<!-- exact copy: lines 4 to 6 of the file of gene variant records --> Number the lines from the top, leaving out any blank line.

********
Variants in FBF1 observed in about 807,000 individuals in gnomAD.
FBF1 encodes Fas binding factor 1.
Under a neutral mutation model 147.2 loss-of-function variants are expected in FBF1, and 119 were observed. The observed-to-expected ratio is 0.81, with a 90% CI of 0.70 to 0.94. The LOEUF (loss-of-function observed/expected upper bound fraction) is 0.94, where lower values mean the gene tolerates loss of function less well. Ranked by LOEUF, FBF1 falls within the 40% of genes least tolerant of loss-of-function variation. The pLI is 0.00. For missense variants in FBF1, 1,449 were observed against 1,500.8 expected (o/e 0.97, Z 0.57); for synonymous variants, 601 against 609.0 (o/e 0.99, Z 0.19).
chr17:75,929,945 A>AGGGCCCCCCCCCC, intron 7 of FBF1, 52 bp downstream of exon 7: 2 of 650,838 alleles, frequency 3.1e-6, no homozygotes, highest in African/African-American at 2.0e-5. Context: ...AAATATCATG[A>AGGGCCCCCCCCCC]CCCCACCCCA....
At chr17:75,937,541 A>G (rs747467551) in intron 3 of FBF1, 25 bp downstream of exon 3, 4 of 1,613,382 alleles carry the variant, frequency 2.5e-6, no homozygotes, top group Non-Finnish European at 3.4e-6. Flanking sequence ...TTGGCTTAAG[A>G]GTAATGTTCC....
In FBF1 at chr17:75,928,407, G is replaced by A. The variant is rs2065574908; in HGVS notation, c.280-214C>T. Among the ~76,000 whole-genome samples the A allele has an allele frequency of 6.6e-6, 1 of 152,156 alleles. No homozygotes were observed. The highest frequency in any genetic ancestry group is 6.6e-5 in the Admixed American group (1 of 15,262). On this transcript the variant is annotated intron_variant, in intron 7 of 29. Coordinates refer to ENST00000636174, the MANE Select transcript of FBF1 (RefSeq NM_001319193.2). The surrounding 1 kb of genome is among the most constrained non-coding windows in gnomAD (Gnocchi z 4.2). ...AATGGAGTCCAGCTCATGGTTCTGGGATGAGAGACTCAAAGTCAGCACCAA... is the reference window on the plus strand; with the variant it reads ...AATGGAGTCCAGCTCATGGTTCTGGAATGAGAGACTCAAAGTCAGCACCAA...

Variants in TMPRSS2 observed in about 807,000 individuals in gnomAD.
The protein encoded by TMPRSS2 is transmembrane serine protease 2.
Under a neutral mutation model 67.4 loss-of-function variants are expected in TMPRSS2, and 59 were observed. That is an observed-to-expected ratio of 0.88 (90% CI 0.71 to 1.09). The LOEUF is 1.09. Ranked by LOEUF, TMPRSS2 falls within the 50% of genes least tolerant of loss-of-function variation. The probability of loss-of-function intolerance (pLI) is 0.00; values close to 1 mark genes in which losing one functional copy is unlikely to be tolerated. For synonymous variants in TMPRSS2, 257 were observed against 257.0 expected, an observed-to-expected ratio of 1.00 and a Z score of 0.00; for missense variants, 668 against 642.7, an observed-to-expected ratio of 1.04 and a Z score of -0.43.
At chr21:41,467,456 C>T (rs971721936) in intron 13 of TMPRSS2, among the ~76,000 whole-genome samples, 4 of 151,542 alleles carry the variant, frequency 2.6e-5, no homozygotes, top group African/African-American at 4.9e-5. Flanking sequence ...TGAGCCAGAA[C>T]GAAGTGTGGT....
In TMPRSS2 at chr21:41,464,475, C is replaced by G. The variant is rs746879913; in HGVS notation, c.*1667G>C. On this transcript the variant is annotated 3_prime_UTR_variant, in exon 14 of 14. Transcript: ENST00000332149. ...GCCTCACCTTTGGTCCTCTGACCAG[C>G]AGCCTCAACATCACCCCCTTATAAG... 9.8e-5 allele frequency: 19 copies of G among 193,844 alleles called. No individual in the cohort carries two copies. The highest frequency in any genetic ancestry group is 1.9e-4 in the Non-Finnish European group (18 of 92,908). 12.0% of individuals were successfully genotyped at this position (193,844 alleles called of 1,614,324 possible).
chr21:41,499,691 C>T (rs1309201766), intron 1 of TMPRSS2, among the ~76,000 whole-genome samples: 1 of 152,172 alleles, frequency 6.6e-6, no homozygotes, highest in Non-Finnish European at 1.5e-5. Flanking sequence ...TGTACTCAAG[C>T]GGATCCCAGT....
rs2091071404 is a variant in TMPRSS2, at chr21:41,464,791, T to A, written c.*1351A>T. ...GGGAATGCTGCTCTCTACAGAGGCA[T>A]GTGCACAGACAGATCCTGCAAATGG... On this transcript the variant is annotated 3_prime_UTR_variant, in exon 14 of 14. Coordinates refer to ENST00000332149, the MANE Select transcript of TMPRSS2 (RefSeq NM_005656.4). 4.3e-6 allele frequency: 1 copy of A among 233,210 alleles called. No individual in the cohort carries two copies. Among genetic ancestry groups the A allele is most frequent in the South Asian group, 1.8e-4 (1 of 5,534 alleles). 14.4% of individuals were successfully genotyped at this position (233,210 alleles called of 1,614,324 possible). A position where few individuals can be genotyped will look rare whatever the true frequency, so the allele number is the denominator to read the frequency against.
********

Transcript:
chr17:75,929,945 A>AGGGCCCCCCCCCC, intron 7 of FBF1, 52 bp downstream of exon 7: 2 of 650,838 alleles, frequency 3.1e-6, no homozygotes, highest in African/African-American at 2.0e-5. Context: ...AAATATCATG[A>AGGGCCCCCCCCCC]CCCCACCCCA....
At chr17:75,937,541 A>G (rs747467551) in intron 3 of FBF1, 25 bp downstream of exon 3, 4 of 1,613,382 alleles carry the variant, frequency 2.5e-6, no homozygotes, top group Non-Finnish European at 3.4e-6. Flanking sequence ...TTGGCTTAAG[A>G]GTAATGTTCC....
In FBF1 at chr17:75,928,407, G is replaced by A. The variant is rs2065574908; in HGVS notation, c.280-214C>T. Among the ~76,000 whole-genome samples the A allele has an allele frequency of 6.6e-6, 1 of 152,156 alleles. No homozygotes were observed. The highest frequency in any genetic ancestry group is 6.6e-5 in the Admixed American group (1 of 15,262). On this transcript the variant is annotated intron_variant, in intron 7 of 29. Coordinates refer to ENST00000636174, the MANE Select transcript of FBF1 (RefSeq NM_001319193.2). The surrounding 1 kb of genome is among the most constrained non-coding windows in gnomAD (Gnocchi z 4.2). ...AATGGAGTCCAGCTCATGGTTCTGGGATGAGAGACTCAAAGTCAGCACCAA... is the reference window on the plus strand; with the variant it reads ...AATGGAGTCCAGCTCATGGTTCTGGAATGAGAGACTCAAAGTCAGCACCAA...